An Anti-Israel UK Paper Incites the Mob
On December 2, 2022, at around 4:00 p.m., a Palestinian armed with a knife tried to break into an Israel car in Hawara, south of Nablus in the West Bank. An IDF officer on leave and his wife were in the vehicle at the time. When the Palestinian terrorist realized the door was locked, he tried to smash the window with a rock. The man shot at the Palestinian, apparently wounding him. The Palestinian, seeing a patrol of Border Police fighters nearby, approached and stabbed two of them.
The squad commander attacked the terrorist, who tried to take his weapon. The commander shot and killed him. Both the commander and a Border Police fighter were wounded.
1/5 Terrorist Neutralized in the area of Huwara: Today at approximately 16:00, a Palestinian terrorist armed with a knife tried to break into a vehicle of an Israeli couple in the area of Huwara pic.twitter.com/MwMGAXGWfg
— Israel Police (@israelpolice) December 2, 2022
Though selectively edited clips of the confrontation were circulated by Mohammed el-Kurd, and other irresponsible parties — which showed only the shooting of the Palestinian — a longer video that included some footage of the initial struggle was tweeted by former IDF spokesperson Peter Lerner a few hours after the incident.
This may well all be true. And hopefully it will form part of a investigation which can provide the transparency to help lower extreme tensions.
— Mark Stone (@Stone_SkyNews) December 2, 2022
The slain Palestinian — reported by the Palestinian media as Imad Mahdi Naif Muflah (also as Imad Adili), 23-years-old, was from the village of Usarin, southeast of Nablus — has a record of participating in violent clashes against Israel, and had reportedly told his mother he wanted to die as a “shahid” (martyr).
Though most major outlets were careful and factual in their reporting of the incident, videos and pictures of his death were circulated on Palestinian social media, and by the office of PA President Mahmoud Abbas, referring to the killing as a cold-blooded “execution.”
Naturally, the Guardian – in an official editorial – decided to completely ignore the facts and, instead, further incite the Israel-hating mob. The Dec. 7 editorial was ostensibly about the dangers posed by the incoming Israeli government, but it also added this for “context”:
The crisis in the Holy Land is once again at “boiling point”, with blood being spilled on both sides. Tor Wennesland, the UN’s peace envoy, did not mince his words to the security council this week. The rising death toll in the West Bank, the worst since 2006, is roiling the waters. Since January, about 140 Palestinians have been killed in this territory, nearly all by Israeli forces. Palestinian attacks targeting Israelis have left 30 dead.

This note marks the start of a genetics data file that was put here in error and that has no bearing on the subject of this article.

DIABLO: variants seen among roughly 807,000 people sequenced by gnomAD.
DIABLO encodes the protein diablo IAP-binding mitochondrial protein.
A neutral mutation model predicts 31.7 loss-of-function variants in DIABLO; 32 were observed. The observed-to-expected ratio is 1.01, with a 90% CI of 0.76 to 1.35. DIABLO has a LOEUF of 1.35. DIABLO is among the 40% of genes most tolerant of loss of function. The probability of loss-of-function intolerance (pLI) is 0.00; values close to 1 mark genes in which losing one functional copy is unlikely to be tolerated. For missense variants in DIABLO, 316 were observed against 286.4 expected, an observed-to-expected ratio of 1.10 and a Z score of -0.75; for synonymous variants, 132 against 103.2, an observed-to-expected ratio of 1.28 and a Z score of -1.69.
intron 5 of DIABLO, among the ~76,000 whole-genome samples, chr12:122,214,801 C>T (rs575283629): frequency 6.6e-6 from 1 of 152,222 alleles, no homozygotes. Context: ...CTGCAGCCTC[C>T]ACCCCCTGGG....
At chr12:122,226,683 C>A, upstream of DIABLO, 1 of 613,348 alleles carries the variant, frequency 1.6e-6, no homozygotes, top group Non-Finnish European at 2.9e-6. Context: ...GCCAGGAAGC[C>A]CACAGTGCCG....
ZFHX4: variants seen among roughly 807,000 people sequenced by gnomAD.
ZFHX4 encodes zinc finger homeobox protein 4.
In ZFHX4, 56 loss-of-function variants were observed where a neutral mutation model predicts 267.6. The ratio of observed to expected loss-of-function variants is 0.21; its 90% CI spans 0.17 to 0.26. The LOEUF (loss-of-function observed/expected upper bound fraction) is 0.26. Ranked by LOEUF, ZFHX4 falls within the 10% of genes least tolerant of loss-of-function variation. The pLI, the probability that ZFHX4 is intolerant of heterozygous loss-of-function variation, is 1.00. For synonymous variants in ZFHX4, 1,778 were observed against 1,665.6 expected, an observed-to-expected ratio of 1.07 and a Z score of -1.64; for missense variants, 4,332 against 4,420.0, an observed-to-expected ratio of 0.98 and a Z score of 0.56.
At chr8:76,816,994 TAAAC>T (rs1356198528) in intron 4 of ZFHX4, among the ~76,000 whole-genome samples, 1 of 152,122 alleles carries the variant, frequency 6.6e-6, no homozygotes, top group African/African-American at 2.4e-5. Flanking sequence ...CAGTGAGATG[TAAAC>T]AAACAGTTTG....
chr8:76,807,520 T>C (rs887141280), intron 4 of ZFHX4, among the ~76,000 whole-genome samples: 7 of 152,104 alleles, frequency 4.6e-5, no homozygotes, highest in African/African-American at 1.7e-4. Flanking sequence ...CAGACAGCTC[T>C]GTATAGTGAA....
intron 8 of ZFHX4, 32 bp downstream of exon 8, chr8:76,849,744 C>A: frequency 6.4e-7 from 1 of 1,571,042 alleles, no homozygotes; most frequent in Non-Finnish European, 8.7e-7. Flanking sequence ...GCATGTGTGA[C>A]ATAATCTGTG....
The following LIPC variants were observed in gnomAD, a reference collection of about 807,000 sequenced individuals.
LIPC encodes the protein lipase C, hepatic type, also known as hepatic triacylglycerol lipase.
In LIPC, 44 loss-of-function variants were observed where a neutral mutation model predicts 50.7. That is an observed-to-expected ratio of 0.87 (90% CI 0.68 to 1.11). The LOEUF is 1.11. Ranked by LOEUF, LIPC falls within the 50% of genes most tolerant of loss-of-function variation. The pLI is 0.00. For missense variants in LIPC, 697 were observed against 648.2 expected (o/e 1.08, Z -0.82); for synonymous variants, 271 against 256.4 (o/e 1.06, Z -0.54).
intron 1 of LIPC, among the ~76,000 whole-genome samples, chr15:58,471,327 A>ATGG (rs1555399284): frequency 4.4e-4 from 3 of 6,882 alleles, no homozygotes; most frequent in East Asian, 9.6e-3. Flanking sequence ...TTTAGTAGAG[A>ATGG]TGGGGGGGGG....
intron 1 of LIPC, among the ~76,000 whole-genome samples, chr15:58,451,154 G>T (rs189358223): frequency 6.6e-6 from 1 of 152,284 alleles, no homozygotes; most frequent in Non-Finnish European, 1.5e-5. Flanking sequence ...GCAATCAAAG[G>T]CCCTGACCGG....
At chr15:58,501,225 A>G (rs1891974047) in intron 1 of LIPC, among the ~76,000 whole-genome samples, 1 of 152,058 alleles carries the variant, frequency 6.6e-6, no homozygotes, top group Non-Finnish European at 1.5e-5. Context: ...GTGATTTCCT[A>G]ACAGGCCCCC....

Days earlier, Mr Wennesland had been “horrified” by the fatal shooting of an unarmed Palestinian man during a scuffle with an Israeli border police officer. The macabre video of the killing revealed he was right to be alarmed. Yet rather than upbraiding the officer for a public execution, the incoming national security minister, Itamar Ben-Gvir, from the far-right Jewish Power party, hailed him as a hero. [emphasis added]
First, it’s quite telling that the BBC article the editorial links to (what editors refer to as the “macabre” video) focuses on a completely different incident — the death of another Palestinian during clashes in the village of al-Mughayyir, which occurred several days prior to the incident in Hawara. Yet nothing in the video described in that BBC article evokes an “execution.”
Further, the use of the term “public execution” represents a deliberate decision to use the most incendiary and morally reckless rhetoric possible in order to impute maximum malice to Israel and infinite victimhood to Palestinians — thus reinforcing the narrative fancied by the most belligerent and extremist Palestinian voices.
Unsurprisingly, complaints to the Guardian went unanswered.
Adam Levick serves as co-editor of CAMERA UK — an affiliate of the Committee for Accuracy in Middle East Reporting and Analysis (CAMERA), where a version of this article was first published.